You can read more about the effects of coffee vs caffeine here.
How do CrossFit teams prepare for competition? While trainers and team members have been devoting a lot of thought and effort to training, CrossFit team training is still in its infancy. We talked with six trainers and teams at the South Central Regional Competition and compared their strategies with their ultimate positions on the leaderboard.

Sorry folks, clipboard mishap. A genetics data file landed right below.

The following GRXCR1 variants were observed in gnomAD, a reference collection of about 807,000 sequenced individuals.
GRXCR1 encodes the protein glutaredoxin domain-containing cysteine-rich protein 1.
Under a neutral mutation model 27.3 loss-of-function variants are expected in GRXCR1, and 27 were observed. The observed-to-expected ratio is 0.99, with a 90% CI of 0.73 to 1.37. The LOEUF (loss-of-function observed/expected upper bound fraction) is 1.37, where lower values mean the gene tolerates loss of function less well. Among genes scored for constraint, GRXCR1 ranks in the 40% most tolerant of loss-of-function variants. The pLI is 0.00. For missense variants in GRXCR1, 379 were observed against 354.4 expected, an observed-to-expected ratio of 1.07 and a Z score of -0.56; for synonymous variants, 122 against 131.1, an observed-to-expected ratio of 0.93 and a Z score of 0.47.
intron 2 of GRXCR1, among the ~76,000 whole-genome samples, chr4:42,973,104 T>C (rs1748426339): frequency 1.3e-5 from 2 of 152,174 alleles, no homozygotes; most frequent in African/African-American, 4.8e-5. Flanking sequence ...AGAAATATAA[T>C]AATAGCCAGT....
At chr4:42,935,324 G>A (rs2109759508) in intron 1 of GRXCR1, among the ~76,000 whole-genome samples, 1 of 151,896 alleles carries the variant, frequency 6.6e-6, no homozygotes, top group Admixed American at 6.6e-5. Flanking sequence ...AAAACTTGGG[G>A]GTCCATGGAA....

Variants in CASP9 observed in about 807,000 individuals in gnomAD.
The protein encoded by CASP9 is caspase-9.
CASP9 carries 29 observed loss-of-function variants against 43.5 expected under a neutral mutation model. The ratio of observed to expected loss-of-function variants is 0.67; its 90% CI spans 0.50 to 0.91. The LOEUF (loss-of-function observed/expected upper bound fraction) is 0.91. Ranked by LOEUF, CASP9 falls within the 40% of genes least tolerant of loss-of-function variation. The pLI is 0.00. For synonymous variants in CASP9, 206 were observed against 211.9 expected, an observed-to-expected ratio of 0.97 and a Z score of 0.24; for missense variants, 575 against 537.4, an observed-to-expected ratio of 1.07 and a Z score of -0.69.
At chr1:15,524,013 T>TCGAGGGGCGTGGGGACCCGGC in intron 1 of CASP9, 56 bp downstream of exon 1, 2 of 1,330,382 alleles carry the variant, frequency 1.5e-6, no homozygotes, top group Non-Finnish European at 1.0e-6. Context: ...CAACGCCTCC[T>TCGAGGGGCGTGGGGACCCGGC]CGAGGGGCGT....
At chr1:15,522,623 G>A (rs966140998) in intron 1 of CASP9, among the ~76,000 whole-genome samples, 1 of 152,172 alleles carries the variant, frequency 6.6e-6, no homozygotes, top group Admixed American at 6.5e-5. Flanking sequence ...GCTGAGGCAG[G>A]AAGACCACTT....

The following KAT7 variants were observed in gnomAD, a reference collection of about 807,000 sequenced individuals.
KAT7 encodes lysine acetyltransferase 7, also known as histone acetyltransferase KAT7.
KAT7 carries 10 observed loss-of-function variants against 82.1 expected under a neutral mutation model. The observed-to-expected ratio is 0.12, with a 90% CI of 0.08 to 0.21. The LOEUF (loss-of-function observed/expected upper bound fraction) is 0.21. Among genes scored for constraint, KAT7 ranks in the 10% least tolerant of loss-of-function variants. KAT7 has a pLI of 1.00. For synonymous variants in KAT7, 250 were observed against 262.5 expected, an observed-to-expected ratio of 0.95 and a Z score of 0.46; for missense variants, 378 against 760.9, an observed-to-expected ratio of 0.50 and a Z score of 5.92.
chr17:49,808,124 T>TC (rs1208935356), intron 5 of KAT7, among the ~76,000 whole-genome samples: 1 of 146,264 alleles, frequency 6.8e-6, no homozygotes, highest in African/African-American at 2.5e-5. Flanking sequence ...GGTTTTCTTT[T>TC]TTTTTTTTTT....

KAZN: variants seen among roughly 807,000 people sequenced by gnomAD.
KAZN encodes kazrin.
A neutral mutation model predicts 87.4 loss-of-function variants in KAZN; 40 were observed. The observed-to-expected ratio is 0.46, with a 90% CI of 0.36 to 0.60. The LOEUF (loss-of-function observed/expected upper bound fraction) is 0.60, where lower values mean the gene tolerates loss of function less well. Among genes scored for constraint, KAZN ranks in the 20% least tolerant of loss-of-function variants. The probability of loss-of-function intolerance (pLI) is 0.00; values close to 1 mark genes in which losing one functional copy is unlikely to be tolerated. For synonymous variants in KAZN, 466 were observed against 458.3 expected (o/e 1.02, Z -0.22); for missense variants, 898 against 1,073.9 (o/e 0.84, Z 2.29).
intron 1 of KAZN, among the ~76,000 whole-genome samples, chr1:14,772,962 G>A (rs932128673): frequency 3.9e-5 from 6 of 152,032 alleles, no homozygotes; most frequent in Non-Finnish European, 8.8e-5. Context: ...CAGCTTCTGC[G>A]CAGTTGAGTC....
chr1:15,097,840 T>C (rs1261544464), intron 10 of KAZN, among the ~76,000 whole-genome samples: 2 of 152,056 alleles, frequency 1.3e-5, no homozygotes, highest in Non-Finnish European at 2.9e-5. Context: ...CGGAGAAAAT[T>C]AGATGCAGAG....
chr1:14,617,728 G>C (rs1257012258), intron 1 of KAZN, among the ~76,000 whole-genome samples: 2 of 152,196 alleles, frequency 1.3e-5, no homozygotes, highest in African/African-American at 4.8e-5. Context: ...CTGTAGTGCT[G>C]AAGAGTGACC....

Dallas Central sent two teams to the Regionals this year, with one new to competition and other highly experienced. Coach Dean Xu says team selections for their two teams ”Team 1” and “The B Dream” were based on individual performances in the open. Team 1’s men include Matt Anderson, James Hugo, Don Walker and Trey Kubacak. The Dallas Central men finished 271(Walker), 209th (Hugo), 63rd(Anderson) and 8th (Kubacak) in the Open, and finished first in the teams competition. The B Dream is new to competition. Coach Dean Xu says it has been great to watch them fail, and learn from their mistakes. “You learn a lot from competing.” says Xu “There is so much strategy within competitions. Learning to do transitions is extremely important. It’s very different from individual competition where you need to pace yourself. In team competition, you need to pace the team, not the individual. Team members need to go “all out.” Both teams trained as a group and focused on individual weaknesses. “There wasn’t much time to get people faster or stronger, so skills and efficiency were our major focus” said Xu.